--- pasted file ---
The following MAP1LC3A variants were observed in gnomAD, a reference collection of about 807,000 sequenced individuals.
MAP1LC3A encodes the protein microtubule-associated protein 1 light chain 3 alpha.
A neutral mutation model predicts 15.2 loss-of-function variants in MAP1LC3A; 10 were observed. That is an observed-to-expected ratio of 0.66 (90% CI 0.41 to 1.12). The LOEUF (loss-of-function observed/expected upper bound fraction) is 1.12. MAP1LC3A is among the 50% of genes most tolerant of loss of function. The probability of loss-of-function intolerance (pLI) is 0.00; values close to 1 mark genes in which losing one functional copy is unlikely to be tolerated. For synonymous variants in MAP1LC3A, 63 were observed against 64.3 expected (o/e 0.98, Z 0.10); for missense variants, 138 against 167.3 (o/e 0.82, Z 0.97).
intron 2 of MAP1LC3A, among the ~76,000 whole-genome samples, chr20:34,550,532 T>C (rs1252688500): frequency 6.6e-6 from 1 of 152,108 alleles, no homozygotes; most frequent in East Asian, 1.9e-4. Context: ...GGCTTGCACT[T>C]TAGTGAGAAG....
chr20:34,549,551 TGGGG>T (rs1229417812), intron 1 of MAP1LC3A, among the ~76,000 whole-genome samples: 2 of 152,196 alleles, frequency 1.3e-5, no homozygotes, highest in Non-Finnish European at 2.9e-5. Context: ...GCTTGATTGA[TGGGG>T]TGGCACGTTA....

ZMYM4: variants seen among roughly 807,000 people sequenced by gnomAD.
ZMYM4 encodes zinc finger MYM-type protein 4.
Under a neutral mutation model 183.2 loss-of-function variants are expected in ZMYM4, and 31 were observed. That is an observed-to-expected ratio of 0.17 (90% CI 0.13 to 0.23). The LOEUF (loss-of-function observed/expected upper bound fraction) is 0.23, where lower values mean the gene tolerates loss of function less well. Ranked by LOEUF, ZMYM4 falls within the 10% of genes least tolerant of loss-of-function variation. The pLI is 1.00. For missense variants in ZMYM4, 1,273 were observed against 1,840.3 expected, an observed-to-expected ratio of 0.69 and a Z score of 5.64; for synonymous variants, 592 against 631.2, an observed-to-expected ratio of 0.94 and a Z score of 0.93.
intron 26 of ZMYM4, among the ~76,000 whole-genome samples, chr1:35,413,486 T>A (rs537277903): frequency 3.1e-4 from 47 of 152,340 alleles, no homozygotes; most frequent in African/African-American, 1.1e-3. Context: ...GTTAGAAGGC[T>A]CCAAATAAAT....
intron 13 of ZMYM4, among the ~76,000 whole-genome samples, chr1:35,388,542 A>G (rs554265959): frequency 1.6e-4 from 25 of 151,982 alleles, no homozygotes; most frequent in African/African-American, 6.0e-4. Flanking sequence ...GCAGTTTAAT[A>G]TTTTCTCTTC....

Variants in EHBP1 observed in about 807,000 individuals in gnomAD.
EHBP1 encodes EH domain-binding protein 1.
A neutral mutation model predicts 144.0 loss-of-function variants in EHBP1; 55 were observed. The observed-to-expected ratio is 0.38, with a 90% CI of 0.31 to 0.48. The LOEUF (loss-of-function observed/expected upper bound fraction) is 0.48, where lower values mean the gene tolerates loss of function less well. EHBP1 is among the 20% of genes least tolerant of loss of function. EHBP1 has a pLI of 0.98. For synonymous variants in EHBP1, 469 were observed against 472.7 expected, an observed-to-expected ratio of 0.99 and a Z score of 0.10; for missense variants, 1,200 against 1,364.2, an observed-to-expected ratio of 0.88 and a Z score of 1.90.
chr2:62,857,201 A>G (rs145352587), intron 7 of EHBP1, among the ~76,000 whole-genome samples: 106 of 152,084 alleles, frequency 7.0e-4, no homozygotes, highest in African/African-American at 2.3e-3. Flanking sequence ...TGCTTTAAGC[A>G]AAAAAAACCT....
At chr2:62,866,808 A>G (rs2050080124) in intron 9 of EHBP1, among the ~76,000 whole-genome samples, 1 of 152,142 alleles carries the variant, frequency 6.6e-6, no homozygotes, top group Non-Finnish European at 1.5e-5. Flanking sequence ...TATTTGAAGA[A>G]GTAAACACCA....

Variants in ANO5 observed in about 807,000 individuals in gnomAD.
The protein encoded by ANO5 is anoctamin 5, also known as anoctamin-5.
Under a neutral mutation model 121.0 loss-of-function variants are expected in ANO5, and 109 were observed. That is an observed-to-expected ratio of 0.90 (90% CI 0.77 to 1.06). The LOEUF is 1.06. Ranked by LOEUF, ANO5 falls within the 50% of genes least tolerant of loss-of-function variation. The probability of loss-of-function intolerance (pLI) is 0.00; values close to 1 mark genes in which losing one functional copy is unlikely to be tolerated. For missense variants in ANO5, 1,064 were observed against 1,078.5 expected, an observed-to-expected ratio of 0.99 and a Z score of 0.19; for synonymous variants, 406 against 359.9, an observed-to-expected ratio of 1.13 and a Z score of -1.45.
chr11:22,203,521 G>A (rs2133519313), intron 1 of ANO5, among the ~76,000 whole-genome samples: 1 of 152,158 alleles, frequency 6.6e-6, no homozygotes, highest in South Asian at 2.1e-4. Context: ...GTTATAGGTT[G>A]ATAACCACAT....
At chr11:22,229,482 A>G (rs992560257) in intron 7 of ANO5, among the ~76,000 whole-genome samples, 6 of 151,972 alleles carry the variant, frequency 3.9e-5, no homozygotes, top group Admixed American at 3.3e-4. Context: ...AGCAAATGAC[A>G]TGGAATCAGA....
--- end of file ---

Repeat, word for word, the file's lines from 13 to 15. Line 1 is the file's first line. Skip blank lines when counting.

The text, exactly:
A neutral mutation model predicts 144.0 loss-of-function variants in EHBP1; 55 were observed. The observed-to-expected ratio is 0.38, with a 90% CI of 0.31 to 0.48. The LOEUF (loss-of-function observed/expected upper bound fraction) is 0.48, where lower values mean the gene tolerates loss of function less well. EHBP1 is among the 20% of genes least tolerant of loss of function. EHBP1 has a pLI of 0.98. For synonymous variants in EHBP1, 469 were observed against 472.7 expected, an observed-to-expected ratio of 0.99 and a Z score of 0.10; for missense variants, 1,200 against 1,364.2, an observed-to-expected ratio of 0.88 and a Z score of 1.90.
chr2:62,857,201 A>G (rs145352587), intron 7 of EHBP1, among the ~76,000 whole-genome samples: 106 of 152,084 alleles, frequency 7.0e-4, no homozygotes, highest in African/African-American at 2.3e-3. Flanking sequence ...TGCTTTAAGC[A>G]AAAAAAACCT....
At chr2:62,866,808 A>G (rs2050080124) in intron 9 of EHBP1, among the ~76,000 whole-genome samples, 1 of 152,142 alleles carries the variant, frequency 6.6e-6, no homozygotes, top group Non-Finnish European at 1.5e-5. Flanking sequence ...TATTTGAAGA[A>G]GTAAACACCA....